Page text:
By: Tonya Barnett, (Author of FRESHCUTKY)
Like many aspects of gardening, planning for and planting fruit trees at home is an exciting endeavor. Variation in use, color, texture, and taste offered by different cultivars of fruit trees make the choice an extremely difficult task for growers. Coming in colors ranging from dark purple to pale yellow, plums are no exception to this rule. One such plum tree, called ‘Yellow Egg,’ is praised for its use in preserves, baked goods, as well as fresh eating.
According to its namesake, Yellow Egg plums are a type of yellow egg-shaped European plum. Known for being somewhat smaller, European plums are a great addition to home orchards for their fresh eating qualities when allowed to fully ripen as well as their use in pies, tarts, and various savory recipes. Thriving in USDA growing zones 5 through 9, gardeners are able to reap large harvests of these sweet freestone plums.
Due to the uncommon availability of this plant in some areas, finding Yellow Egg plum saplings locally at garden centers or plant nurseries may be somewhat difficult. Luckily, the trees are frequently found for sale online. If ordering online, always make certain to order only from reputable sources, as to ensure healthy and disease-free plants. This is especially important as some varieties experience susceptibility to canker.
Also known as the ‘Pershore Egg,’ Yellow Egg plum trees are grown much like other types of plum. Choose a well-draining planting location which receives at least six to eight hours of direct sunlight each day. Before planting, soak the root ball of the plum sapling in water for at least one hour.
Prepare and amend the planting hole so that it is at least twice as wide and twice as deep as the root ball of the sapling. Plant and then fill in the hole, making certain not to cover the collar of the tree. Then water thoroughly.
Once established, these trees are generally carefree, but do require routine maintenance such as frequent irrigation and pruning. Though Yellow Egg plum trees are frequently listed as self-fertile, better pollination and increased yields are likely to result when planted with another plum tree, specifically for aid in pollination.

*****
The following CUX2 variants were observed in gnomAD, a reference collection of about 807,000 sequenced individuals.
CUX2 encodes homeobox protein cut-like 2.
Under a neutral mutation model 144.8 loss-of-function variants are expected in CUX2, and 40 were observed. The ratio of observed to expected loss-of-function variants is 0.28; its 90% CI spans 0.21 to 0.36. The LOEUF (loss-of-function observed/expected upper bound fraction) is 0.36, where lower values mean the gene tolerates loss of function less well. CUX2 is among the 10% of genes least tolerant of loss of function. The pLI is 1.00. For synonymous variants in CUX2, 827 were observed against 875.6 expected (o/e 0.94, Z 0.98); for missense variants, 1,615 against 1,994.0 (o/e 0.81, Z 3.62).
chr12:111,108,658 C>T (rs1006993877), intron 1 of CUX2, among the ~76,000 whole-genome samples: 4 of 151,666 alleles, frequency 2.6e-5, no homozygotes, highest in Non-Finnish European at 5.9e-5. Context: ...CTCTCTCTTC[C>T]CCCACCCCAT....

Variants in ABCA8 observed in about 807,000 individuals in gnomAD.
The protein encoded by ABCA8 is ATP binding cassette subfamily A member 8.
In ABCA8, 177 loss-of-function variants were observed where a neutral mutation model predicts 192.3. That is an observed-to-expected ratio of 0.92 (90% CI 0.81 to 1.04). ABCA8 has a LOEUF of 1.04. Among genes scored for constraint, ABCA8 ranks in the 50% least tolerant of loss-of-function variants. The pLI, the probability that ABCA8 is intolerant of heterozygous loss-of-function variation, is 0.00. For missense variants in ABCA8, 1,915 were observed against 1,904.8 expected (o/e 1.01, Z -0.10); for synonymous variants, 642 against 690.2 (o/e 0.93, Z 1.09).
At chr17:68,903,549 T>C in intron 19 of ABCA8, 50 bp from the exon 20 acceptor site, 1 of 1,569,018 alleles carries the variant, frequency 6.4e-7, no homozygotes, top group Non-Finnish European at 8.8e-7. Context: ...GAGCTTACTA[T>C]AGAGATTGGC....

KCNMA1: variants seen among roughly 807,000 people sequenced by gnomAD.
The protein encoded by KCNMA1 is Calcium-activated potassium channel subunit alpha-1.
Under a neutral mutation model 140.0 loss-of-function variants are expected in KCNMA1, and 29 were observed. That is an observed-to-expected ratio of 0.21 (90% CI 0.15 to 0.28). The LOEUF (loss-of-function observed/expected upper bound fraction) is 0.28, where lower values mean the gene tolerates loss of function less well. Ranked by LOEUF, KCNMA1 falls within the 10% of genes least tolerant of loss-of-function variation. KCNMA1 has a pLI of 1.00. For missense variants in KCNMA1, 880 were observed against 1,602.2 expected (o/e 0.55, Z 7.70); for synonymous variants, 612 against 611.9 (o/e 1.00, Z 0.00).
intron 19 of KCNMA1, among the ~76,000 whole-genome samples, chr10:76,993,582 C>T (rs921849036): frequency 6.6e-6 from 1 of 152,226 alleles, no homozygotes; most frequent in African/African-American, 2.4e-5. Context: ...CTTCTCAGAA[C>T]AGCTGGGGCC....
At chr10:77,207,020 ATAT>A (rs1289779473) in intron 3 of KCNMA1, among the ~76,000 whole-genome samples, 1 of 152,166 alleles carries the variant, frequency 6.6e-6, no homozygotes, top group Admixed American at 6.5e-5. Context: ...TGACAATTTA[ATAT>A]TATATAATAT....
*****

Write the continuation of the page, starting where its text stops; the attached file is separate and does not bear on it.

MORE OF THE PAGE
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Of the various types of plums, most of us have probably only tasted a few at most and possibly are even unaware that there are different kinds. The varieties aren't endless, and in fact number under a dozen.
Fun fact: plums are believed to be the first type of fruits cultivated by human beings. It's supposed to have started in Eastern Europe and the mountains near Caspian Sea.
Some believe that they were then carried to Rome around 200 BC and subsequently introduced to northern Europe. And were supposedly domesticated by the Chinese around 479 BC.
While there's no way to tell how much of that's true, the fact is that wild plums were grown all over the Old and New Worlds. The most popular type of plums now are Japanese plums and come in black, red and yellow colors.
Black plums have mild to sweet taste and are usually used in tarts to add texture to baked dishes. The red ones have a sweet-tart flavor, and the yellow varieties are smaller, rounder and are also called lemon plums. They have a crisp and firm texture and are great for pies and jams.
This European blue plum has tender, green-yellow flesh resembling 'Stanley' but softer. Production is moderate, but fine for the home garden and the tree is hardy. It is best planted in the North, and ripens in mid- to late July in Michigan. Origin: Unknown.
A round, medium-sized Japanese plum, it is yellow and of fair quality. The stone is small and free. The tree is vigorous, outgrowing other varieties, but it has a tendency to bear in alternate years. Thin carefully. Pollinate with 'Shiro' or 'Burbank'. The fruit ripens in Michigan in mid-July. Good for the North. Origin: Canada.
Also known as Prunus domestica, this dry variety of plums boasts an oblong sort of shape and is often labeled as “fresh prunes” in the markets. It is also considered to be an “ancient domesticated species” and is widely cultivated in temperate regions.
It is believed that this type of fruit species was first cultivated in Syria and then in Rome during the Crusades, the Romans introduced European plums to the Western part of Europe. European plums can be found in a number of varieties, varying in their colors and flavors. The following are the few popular types of European plums that are worth your read.
Considered as the best European type of plum, Moyer plums are longer in shape and less round which is quite unlike typical plums. They are usually sold fresh and plump, having a pleasantly sweet flavor. Once dried-out, these tasty fruits retain its sweet flavor which is why they can be deliciously incorporated in different types of dry dishes.